Viral marketing is very similar to PR in terms of speed of exposure, however viral is much more effective in a different way. Viral marketing involves getting a piece of your content to simply go viral; it could turn your business into an overnight success. To make your next marketing campaign can take a combination of a number of the other types of digital marketing – such as content marketing, PR and social media marketing – but it can also lead to some amazing results for your business. Viral marketing is when you release content that is strange, hilarious or ‘current’ in a popular topic at that time, which gets you noticed and shared – a lot (mainly via social media). It usually causes a big spike in traffic to your service over a short period of time. Viral marketing can help any business, however the biggest successes have come from large B2C businesses. This is mainly because the consumer goods are going to reach a much bigger audience than a smaller business, which is less well known. This method can however be achieved by any company that produces the right thing at the right time.

A much newer and exciting type of digital marketing is influencer marketing. It is equally effective as the other methods, however in contrast it is vastly different. Influencer marketing is relatively new – but it’s a very exciting form of digital marketing. It’s vastly different from the other types of digital marketing, but can be equally as effective. Influencer marketing is where sales are driven solely by striking a deal with someone who already has a following and ‘influences’ the same target market as you. For example, it’s like how Pepsi might sponsor Britney Spears as it’s spokes person. If your target market was other entrepreneurs for example, you might try to get Richard Branson on board to help market your business.

However in this day and age, with digital marketing as such a key element to drive any form of sales, and the prominence of social media sites; influencer marketing is extremely popular. For example, striking a deal with a popular instagrammer and getting the person to wear your brand of clothes or promote a certain product or service with a few photos – and this can influence huge sales for your business or service. But these days, with social media, it goes much further than that. If you can strike a good deal with a popular and relevant instagrammer and get them to wear your brand of clothes in a couple of photos this can massively increase the likelihood of your target market. This method is again mainly used by B2C eCommerce business owners, but not solely. For example, you could attempt to get an influencer in your industry to tweet about your business and this would also count as influencer marketing and be great exposure.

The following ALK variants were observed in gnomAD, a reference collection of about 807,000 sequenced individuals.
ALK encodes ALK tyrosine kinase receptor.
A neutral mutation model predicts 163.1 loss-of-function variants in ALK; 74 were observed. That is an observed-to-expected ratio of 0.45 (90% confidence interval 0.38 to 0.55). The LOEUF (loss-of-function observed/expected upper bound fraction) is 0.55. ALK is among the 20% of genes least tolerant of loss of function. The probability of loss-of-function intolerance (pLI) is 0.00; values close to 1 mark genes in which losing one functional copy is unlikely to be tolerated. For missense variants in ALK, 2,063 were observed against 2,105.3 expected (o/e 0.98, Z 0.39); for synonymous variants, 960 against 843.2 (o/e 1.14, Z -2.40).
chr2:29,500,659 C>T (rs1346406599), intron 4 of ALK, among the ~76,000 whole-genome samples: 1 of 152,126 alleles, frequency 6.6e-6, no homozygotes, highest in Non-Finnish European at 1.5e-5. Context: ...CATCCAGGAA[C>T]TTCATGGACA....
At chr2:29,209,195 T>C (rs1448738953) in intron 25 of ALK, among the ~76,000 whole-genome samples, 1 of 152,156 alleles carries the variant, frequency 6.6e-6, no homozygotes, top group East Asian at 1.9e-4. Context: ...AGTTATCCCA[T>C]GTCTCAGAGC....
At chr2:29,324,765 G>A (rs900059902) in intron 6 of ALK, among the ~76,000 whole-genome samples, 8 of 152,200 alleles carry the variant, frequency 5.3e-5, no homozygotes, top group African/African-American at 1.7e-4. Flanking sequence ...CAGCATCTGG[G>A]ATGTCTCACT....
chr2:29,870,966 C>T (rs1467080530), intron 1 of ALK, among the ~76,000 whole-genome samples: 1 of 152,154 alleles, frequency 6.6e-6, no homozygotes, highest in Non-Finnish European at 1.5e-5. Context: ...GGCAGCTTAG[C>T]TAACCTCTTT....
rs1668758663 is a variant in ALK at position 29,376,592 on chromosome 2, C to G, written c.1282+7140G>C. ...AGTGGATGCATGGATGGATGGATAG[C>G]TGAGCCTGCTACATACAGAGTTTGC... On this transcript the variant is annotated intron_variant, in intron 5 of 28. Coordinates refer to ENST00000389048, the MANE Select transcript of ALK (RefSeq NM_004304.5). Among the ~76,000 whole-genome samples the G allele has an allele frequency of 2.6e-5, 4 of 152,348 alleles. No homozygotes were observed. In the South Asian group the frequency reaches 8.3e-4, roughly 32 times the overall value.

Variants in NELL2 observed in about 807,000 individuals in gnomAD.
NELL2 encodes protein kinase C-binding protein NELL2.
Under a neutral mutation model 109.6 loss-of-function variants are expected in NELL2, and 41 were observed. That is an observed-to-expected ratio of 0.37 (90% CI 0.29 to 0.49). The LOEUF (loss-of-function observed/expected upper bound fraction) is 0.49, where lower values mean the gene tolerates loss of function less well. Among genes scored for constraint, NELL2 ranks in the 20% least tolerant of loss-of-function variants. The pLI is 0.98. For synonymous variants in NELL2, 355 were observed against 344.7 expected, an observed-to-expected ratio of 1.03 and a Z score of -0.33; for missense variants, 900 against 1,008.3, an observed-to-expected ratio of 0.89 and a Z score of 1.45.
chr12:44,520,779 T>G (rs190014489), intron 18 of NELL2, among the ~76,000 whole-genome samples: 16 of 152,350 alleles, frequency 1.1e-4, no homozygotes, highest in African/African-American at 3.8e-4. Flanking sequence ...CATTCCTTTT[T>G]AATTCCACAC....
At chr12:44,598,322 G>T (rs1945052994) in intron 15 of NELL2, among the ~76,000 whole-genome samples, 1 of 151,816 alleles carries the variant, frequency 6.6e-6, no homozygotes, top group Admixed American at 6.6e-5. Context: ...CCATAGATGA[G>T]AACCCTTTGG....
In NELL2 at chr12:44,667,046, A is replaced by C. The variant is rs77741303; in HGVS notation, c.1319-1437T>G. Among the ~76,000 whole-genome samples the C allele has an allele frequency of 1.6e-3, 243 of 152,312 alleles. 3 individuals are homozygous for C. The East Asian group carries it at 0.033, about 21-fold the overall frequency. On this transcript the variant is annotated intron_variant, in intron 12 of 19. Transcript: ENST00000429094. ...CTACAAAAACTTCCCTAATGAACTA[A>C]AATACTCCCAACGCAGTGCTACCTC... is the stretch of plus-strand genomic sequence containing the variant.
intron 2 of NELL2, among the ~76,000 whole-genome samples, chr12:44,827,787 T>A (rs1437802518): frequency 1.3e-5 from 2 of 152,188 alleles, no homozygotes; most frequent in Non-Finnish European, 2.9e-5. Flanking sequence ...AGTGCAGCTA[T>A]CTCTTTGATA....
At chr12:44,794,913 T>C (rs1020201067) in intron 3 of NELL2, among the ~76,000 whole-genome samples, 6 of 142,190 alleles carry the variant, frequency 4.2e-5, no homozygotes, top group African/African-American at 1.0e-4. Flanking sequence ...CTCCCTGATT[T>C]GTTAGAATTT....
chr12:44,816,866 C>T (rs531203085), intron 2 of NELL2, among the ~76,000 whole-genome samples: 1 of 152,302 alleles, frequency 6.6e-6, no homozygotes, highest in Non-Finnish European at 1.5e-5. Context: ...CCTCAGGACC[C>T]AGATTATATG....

Digital, online, website marketing. These are all the same things. And they cover all of the digital marketing techniques above. It’s also referred to as an umbrella term. This means it covers all aspects, therefore when marketing for your company you should ensure you figure out which of the services you really want to use to reach your target audience before going to an agency that does this, so you know exactly which types of digital marketing you should ask for. Knowing your target audiences demographic is also a requirement for a successful marketing campaign in the publishing industry. Digital marketing doesn’t usually include PR but often includes a collaboration of any of the above.

How Audiobooks are Making their Mark on the Digital Publishing Industry

The Rise of Audiobooks

Audiobooks are a beacon of hope for the future of digital publishing, boasting rapid growth in sales and popularity in recent years largely owing to their ability to adapt with modern day culture. For many people with busy lifestyles and a smartphone, listening to an audiobook is not only enjoyable but more convenient than taking the time to read a traditional print book.

A current Technavio report predicts that the publishing industry will earn over USD 357 billion from 2016 – 2020, with profitability relying on the continued development of digital publishing. With this in mind, how can the industry capitalise on the rise of digital audiobooks and make sure that their surge of popularity is not just a fad?

Apps and Audiobooks

One of the key reasons that audiobooks are finding success in the current economy is because of their agile nature – they are accessible on the go on a wide variety of devices. For example, Audible, an audiobook retailer, have developed multiple versions of their app to be compatible with over 500 different devices for users to download audiobooks onto. The development of apps will always continue, and as long as the technology exists, audiobooks will be readily available to users at their fingertips.


However, the cost of developing and constantly updating these apps is extremely high. On 27 October 2016, Amazon had to shut down their Kindle app for Windows 8 because it was too expensive to keep the app functional across numerous operating systems.

This is bad news for digital audiobooks because if a customer is only using a device whose app is then shut down, they could potentially lose all of their purchases unless they are willing to spend money investing in a new device to run a different version of the app, which is unlikely.